How to Manage Your HIPAA Password Requirements

HIPAA password requirements state that procedures must be implemented for creating, changing and securing passwords unless a different, equally-effective security measure is chosen.

The password requirements under HIPAA are available the Administrative Safeguards of the HIPAA Security Rule. Under the section relating to Security Awareness and Training, §164.308(a)(5) states Covered Entities must implement “procedures for creating, changing and safeguarding passwords”.

IT Specialist Disagree on Best HIPAA Compliance Password Policy

even though all security specialists agree the need for a strong password (the longest possible, incorporating numbers, special characters, and a mixture of upper and lower case letters), many do not find common ground in relation to the best HIPAA compliance password policy, the frequency at which passwords should be amended (if at all) and the best way of securing them.

While some experts believe the best HIPAA compliance password policy includes changing passwords every 60 or 90 days, other experts say the effort achieves nothing. A talented hacker should be able to crack any user-generated password within ten minutes using technical, sociological or other sneaky methods (i.e. social engineering).

There is more agreement among IT specialists in relation to safeguarding passwords. In respect of a best practice for a HIPAA compliance password policy, most recommend the use of password management utilities. Although these tools can also be hacked by cyber criminals, the software records passwords in encrypted format, making them unusable by cyber criminals.

HIPAA Password Obligations are Addressable Requirements

You should remember that HIPAA password requirements are “addressable” requirements. This does not mean they can be disregarded, however it does mean covered entities can “implement one or more alternative security measures to accomplish the same purpose.”

In relation to the Administrative Safeguards, the aim of the HIPAA password requirements is to “limit unnecessary or inappropriate access to and disclosure of Protected Health Information”. Therefore, if a different security measure can be put in place that achieves the same purpose as designing, changing and securing passwords, the Covered Entity is complying with HIPAA.

Two-factor authentication meets this requirement adequately. Whether through SMS notification or push notification, a person using a username and password to log into a database that stores PHI also has to use a PIN code to confirm their identity. As a unique PIN code is sent with every log-in attempt, a compromised password alone will not give a hacker access to the secured database.

Two Factor Authentication ithe Choice of Most Medical Organizations

Two factor authentication is already in use by the majority of medical organizations, but not to secure the confidentiality, integrity and security of PHI. Instead it is implemented by medical organization accepting credit card payments to adhere with the Payment Card Industry Data Security Standard (PCI DSS) and by others to adhere with the DEA´s Electronic Prescription for Controlled Substances Rules.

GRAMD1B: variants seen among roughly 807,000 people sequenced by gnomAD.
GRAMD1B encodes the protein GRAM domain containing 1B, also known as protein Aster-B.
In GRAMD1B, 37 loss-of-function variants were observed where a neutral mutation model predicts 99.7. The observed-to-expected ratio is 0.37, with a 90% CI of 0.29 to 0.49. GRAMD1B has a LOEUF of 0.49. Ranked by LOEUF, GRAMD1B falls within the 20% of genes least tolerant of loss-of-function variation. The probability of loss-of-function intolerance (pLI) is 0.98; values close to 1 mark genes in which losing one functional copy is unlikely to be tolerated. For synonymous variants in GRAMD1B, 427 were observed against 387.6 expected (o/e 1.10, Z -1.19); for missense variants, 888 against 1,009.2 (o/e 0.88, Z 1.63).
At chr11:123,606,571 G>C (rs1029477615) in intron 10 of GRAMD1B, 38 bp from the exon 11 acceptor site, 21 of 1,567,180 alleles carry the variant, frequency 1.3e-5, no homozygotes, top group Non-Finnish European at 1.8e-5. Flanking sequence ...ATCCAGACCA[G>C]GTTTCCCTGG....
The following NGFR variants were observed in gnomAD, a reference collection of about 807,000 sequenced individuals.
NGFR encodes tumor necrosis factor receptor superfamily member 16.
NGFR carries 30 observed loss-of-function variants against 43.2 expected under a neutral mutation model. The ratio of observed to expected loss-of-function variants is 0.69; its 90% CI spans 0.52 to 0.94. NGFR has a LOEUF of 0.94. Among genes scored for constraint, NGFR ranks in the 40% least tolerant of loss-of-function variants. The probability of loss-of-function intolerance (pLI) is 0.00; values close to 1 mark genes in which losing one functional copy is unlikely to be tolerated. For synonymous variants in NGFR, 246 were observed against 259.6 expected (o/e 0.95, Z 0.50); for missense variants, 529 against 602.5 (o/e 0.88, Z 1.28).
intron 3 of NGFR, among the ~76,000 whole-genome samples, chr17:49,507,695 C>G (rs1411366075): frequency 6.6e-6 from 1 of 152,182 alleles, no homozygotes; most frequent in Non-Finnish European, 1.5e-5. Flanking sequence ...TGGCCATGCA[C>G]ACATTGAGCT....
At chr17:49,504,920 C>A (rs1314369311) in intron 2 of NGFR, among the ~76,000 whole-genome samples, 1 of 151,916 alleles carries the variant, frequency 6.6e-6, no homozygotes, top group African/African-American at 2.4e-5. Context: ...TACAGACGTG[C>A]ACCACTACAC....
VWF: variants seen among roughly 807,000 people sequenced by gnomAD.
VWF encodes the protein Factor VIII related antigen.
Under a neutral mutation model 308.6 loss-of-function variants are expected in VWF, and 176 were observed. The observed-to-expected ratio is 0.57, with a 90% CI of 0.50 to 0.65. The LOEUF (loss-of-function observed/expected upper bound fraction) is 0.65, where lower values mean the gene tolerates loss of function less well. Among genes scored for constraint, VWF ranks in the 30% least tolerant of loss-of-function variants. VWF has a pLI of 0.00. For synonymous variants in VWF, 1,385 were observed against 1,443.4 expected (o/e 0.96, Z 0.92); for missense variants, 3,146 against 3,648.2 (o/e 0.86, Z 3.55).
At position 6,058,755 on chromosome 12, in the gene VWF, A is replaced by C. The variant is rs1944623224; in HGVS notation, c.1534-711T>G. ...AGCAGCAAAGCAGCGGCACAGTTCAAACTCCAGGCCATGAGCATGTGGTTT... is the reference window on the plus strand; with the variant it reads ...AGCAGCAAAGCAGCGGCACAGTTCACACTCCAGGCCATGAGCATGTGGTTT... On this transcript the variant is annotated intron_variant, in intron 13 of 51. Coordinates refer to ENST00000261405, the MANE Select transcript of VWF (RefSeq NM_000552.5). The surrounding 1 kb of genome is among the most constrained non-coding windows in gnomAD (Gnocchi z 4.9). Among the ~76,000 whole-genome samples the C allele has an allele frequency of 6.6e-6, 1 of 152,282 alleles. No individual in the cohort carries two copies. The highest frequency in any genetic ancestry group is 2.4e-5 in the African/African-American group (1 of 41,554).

Healthcare IT workers will be quick to emphasise that two factor authentication can delay workflows, but recent advances in the software permit LDAP integration and Single Sign-On between healthcare technologies. As two factor authentication software only sends PIN codes (and not PHI) the software does not need to be HIPAA compliant, and it is a far easier solution for compliance with the HIPAA Password requirements than constant changes of passwords and password management tools. Effectively, Covered Entities never need amend a password again.

The only thing Covered Entities have to remember before putting in place two factor authentication to protect PHI is that, due to HIPAA Password requirements are addressable safeguards, the reasons for putting in place the alternative solution have to be officially recorded. This will meet the HIPAA requirements for completing a risk analysis and also satisfy auditors if the Covered Entity is chosen to be reviewed as part of HHS´ HIPAA Audit Program.


About Patrick Kennedy 619 Articles
Patrick Kennedy is a highly accomplished journalist and editor with nearly two decades of experience in the field. With expertise in writing and editing content, Patrick has made significant contributions to various publications and organizations. Over the course of his career, Patrick has successfully managed teams of writers, overseeing the production of high-quality content and ensuring its adherence to professional standards. His exceptional leadership skills, combined with his deep understanding of journalistic principles, have allowed him to create cohesive and engaging narratives that resonate with readers. A notable area of specialization for Patrick lies in compliance, particularly in relation to HIPAA (Health Insurance Portability and Accountability Act). He has authored numerous articles delving into the complexities of compliance and its implications for various industries. Patrick's comprehensive understanding of HIPAA regulations has positioned him as a go-to expert, sought after for his insights and expertise in this field. Patrick's bachelors degree is from the University of Limerick and his master's degree in journalism is from Dublin City University. You can contact Patrick through his LinkedIn profile: